PTs Key in Addressing PICS in COVID-19 Survivors

May 19th, 2020
By: Content Staff

With thousands of Americans leaving intensive-care units after brutal bouts with COVID-19, post-intensive care syndrome (PICS) is becoming an increasing concern. In an online article, the University of Buffalo noted that at least half of all patients leaving ICUs typically will experience problems with physical function, cognition or mental health, and that statistic likely will hold true for COVID-19 patients too.

Dr. Patricia Ohtake, associate professor in physical therapy at UB’s School of Public Health and Health Professions, told the school’s website that PICS doesn’t get enough attention from health-care providers, so patients sometimes don’t get prescribed adequate rehabilitation services. She’s the lead author of a paper published in Physical Therapy Journal that offers best practices for managing PICS in patients. Due to its relevance to the coronavirus pandemic, the paper was published ahead of schedule.

Ohtake told the school’s website that physical therapy can help PICS patients recover at home, so researchers hope the paper raises awareness about PICS with physical therapists in home- and community-based practices.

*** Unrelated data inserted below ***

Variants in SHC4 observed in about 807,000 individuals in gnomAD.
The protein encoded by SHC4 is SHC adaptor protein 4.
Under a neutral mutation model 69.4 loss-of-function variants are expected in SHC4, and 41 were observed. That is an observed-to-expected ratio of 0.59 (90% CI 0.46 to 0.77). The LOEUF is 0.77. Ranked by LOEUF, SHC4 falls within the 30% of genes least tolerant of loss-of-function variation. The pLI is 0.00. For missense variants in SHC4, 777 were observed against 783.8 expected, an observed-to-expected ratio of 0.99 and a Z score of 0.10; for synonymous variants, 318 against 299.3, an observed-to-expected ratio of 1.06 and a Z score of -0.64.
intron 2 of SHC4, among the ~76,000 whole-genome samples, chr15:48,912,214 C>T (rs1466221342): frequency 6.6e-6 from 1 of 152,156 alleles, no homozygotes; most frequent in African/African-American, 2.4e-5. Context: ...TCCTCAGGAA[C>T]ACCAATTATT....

“This paper discusses the evidence-based rehabilitation of people with post-intensive care syndrome and is particularly significant right now,” Ohtake said in the article. “While the manuscript draws from literature investigating people who have survived general, medical, surgical, respiratory, trauma, cardiac and neurological ICU care, the content is also likely relevant to people recovering from ICU care required due to COVID-19 infection.”

Symptoms of PICS include muscle weakness and difficulty walking and maintaining one’s balance, according to a fact sheet from the American Thoracic Society. Patients may have trouble dressing, bathing, managing their medications and finances and performing other tasks to take care of themselves. Some patients have trouble returning to work and driving, the UB website said.

Mental-health symptoms include anxiety, irritability, depression, trouble sleeping and post-traumatic stress disorder. Patients may have difficulty remembering and concentrating.

PICS patients may experience one or more of these physical or cognitive symptoms, and if they had any of these problems before ICU treatment, those symptoms may become worse due to PICS, according to the UB article.

Ohtake told the school’s website that PTs can play a critical role in helping PICS patients complete their recovery and resume their normal lives.
“With an increased understanding of the problems people experience following critical illness, home- and community-based physical therapists will be more equipped to recognize the physical, mental-health and cognitive problems that these people are experiencing,” Ohtake said in the article.

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